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Yasunari Kawabata was the very first Japanese writer to ever earn the Novel Prize in Literature, and the nomination committees specifically mentioned Thousand Cranes as one of the major factors in their decision-making process. It is a luminous story of desire, regret, and the almost sensual nostalgia that binds the living to the dead.
While attending a traditional aftermath of his parents’ deaths, Kikuji encounters his father’s former lover, Mrs. Ota. At first Kikuji is appalled by her indelicate nature, but it is not long before he succumbs to passion—a passion with tragic and unforeseen consequences, not just for the two lovers, but also for Mrs. Ota’s daughter, to whom Kikuji’s attachments soon extend. Death, jealousy, and attraction convene around the delicate art of the tea ceremony, where every gesture is marked with profound meaning.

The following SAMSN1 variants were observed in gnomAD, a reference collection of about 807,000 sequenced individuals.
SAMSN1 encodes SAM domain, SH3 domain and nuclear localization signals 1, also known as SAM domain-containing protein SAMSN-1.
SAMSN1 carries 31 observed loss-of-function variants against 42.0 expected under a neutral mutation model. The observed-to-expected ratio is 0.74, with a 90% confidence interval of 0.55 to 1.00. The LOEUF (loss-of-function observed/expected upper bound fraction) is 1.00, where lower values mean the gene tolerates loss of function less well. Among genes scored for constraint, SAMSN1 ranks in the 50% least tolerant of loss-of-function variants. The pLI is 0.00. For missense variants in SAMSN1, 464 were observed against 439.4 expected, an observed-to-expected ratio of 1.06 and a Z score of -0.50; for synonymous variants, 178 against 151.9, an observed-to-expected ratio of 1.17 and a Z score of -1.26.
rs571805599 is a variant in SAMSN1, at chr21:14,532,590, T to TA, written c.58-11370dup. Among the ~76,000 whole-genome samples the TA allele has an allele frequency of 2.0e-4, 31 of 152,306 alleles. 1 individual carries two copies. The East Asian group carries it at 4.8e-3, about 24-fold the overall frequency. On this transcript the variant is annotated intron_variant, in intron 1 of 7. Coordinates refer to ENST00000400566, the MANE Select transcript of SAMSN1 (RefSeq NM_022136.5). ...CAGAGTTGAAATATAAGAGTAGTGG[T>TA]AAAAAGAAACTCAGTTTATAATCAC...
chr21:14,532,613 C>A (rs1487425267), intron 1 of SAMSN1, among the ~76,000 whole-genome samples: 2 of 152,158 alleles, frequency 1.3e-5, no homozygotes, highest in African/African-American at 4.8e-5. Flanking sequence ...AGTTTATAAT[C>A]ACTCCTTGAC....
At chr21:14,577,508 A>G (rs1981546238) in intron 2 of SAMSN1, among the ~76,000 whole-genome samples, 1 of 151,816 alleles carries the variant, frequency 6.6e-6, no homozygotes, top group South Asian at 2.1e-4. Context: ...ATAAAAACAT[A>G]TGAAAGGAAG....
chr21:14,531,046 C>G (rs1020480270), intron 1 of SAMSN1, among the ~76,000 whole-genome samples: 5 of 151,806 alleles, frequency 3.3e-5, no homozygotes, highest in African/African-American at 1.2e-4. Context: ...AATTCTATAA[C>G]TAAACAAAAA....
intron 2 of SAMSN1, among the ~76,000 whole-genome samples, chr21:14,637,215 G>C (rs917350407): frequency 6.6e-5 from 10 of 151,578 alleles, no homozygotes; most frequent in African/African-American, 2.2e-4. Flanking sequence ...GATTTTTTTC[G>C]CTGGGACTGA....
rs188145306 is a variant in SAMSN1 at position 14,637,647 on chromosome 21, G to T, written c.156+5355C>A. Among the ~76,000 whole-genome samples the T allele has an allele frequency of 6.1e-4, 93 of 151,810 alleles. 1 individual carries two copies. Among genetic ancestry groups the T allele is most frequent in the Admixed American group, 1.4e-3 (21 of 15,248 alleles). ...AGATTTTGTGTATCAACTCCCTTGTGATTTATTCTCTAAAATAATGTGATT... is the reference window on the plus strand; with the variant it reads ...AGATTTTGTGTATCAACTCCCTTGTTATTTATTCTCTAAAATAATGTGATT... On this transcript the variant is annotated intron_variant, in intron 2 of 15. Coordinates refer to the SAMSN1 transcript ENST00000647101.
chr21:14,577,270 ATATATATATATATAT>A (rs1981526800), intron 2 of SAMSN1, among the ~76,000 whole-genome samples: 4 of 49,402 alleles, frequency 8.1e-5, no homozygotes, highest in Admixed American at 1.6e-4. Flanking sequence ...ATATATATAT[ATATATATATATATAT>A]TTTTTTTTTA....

Ultimately, the novel is not a study of the power men have over women, but a work filled with loneliness and disorientation at the failure of art, literature and even the tea ceremony to create a more ideal world.
Welcome to this activity created by Junior Advisor Mr. Juan Manuel Loya Del Valle from Narvarte Branch. Take note of all the pink words, read the text, watch the video and answer the question in the comment section below.